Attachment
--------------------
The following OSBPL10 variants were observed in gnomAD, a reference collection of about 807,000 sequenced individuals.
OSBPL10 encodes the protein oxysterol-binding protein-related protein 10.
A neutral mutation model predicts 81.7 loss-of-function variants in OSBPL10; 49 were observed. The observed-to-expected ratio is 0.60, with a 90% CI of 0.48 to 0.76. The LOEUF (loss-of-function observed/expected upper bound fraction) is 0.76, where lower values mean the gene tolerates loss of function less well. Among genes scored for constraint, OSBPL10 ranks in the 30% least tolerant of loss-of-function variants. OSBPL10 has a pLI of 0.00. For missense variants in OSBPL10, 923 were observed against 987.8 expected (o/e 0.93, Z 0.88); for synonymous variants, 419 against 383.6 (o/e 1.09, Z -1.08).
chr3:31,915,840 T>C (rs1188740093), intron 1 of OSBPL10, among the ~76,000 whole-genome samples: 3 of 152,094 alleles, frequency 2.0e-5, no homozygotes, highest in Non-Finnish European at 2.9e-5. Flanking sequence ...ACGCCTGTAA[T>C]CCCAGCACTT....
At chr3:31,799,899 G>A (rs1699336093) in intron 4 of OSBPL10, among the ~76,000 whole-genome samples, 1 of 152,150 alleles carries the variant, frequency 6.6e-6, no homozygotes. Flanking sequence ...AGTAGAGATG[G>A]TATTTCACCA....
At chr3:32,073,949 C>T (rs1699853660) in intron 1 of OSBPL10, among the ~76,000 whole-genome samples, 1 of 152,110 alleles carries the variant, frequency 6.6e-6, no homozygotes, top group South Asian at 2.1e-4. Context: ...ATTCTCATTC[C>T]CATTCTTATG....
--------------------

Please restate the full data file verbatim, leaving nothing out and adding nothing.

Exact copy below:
The following OSBPL10 variants were observed in gnomAD, a reference collection of about 807,000 sequenced individuals.
OSBPL10 encodes the protein oxysterol-binding protein-related protein 10.
A neutral mutation model predicts 81.7 loss-of-function variants in OSBPL10; 49 were observed. The observed-to-expected ratio is 0.60, with a 90% CI of 0.48 to 0.76. The LOEUF (loss-of-function observed/expected upper bound fraction) is 0.76, where lower values mean the gene tolerates loss of function less well. Among genes scored for constraint, OSBPL10 ranks in the 30% least tolerant of loss-of-function variants. OSBPL10 has a pLI of 0.00. For missense variants in OSBPL10, 923 were observed against 987.8 expected (o/e 0.93, Z 0.88); for synonymous variants, 419 against 383.6 (o/e 1.09, Z -1.08).
chr3:31,915,840 T>C (rs1188740093), intron 1 of OSBPL10, among the ~76,000 whole-genome samples: 3 of 152,094 alleles, frequency 2.0e-5, no homozygotes, highest in Non-Finnish European at 2.9e-5. Flanking sequence ...ACGCCTGTAA[T>C]CCCAGCACTT....
At chr3:31,799,899 G>A (rs1699336093) in intron 4 of OSBPL10, among the ~76,000 whole-genome samples, 1 of 152,150 alleles carries the variant, frequency 6.6e-6, no homozygotes. Flanking sequence ...AGTAGAGATG[G>A]TATTTCACCA....
At chr3:32,073,949 C>T (rs1699853660) in intron 1 of OSBPL10, among the ~76,000 whole-genome samples, 1 of 152,110 alleles carries the variant, frequency 6.6e-6, no homozygotes, top group South Asian at 2.1e-4. Context: ...ATTCTCATTC[C>T]CATTCTTATG....